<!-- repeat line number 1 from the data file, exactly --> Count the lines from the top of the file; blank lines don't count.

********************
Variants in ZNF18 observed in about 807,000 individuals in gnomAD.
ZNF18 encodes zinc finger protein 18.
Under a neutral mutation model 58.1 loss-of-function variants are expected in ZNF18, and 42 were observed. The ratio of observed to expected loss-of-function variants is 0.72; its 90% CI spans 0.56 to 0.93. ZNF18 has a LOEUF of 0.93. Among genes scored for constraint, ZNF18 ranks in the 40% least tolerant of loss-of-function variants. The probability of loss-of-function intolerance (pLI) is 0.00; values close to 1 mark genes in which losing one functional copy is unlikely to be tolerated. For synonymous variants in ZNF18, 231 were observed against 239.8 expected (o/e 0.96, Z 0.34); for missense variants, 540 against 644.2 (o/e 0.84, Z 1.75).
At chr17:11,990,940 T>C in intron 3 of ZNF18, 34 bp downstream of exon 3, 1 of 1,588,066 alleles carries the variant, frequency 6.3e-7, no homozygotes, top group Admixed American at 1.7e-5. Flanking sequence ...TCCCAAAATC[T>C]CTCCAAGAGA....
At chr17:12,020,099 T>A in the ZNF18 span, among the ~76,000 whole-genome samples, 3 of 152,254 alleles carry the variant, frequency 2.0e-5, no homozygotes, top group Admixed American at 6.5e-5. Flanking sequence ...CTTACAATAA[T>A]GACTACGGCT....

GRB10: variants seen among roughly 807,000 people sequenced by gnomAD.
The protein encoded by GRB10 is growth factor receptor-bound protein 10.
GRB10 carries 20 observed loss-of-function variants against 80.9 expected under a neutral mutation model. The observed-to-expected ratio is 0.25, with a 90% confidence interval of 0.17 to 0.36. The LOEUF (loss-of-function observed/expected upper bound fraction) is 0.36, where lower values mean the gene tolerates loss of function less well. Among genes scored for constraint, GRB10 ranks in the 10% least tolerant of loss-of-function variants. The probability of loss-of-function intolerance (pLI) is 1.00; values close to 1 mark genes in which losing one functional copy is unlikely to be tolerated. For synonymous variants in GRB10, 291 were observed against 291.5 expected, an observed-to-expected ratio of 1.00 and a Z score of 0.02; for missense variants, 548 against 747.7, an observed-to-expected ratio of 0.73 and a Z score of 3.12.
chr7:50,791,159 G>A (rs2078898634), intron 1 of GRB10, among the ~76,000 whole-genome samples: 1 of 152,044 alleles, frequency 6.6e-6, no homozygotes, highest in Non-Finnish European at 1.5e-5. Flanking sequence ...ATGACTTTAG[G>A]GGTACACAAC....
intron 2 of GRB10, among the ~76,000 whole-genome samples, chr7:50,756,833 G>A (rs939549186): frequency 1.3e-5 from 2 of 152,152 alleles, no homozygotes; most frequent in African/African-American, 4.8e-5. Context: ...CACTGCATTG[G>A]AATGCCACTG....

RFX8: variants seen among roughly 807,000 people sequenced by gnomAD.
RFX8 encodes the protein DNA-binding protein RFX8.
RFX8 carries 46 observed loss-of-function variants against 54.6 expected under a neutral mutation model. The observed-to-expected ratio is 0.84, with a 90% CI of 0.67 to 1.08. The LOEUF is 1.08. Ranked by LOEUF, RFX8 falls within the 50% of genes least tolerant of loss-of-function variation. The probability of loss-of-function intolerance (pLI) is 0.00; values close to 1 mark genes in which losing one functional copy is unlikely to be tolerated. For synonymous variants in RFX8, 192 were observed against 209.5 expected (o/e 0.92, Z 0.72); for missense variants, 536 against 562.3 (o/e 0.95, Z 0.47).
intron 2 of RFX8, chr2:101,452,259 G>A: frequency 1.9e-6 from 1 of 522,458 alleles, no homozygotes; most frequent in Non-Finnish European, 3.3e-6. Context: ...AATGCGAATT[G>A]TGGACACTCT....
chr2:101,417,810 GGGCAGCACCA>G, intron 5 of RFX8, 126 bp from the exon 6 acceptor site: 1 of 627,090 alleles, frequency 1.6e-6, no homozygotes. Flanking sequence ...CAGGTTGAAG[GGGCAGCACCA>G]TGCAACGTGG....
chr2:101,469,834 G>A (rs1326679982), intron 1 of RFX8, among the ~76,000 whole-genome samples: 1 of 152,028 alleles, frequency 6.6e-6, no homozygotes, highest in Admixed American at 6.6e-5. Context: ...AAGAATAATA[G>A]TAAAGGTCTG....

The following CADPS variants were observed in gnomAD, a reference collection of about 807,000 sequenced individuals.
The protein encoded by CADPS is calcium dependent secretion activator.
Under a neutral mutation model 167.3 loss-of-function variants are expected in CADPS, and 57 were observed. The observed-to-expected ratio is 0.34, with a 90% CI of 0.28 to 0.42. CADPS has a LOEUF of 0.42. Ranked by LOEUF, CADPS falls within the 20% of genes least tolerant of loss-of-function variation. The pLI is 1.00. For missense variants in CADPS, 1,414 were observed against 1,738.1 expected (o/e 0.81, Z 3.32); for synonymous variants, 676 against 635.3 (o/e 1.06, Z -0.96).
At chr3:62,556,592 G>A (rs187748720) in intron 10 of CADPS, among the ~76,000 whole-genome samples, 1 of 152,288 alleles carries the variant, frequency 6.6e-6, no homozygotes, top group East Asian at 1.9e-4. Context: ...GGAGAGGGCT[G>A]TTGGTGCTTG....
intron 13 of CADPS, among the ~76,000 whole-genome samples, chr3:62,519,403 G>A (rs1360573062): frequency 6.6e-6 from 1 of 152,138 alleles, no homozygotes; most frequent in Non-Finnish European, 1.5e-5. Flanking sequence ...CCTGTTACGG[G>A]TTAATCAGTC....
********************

Variants in ZNF18 observed in about 807,000 individuals in gnomAD.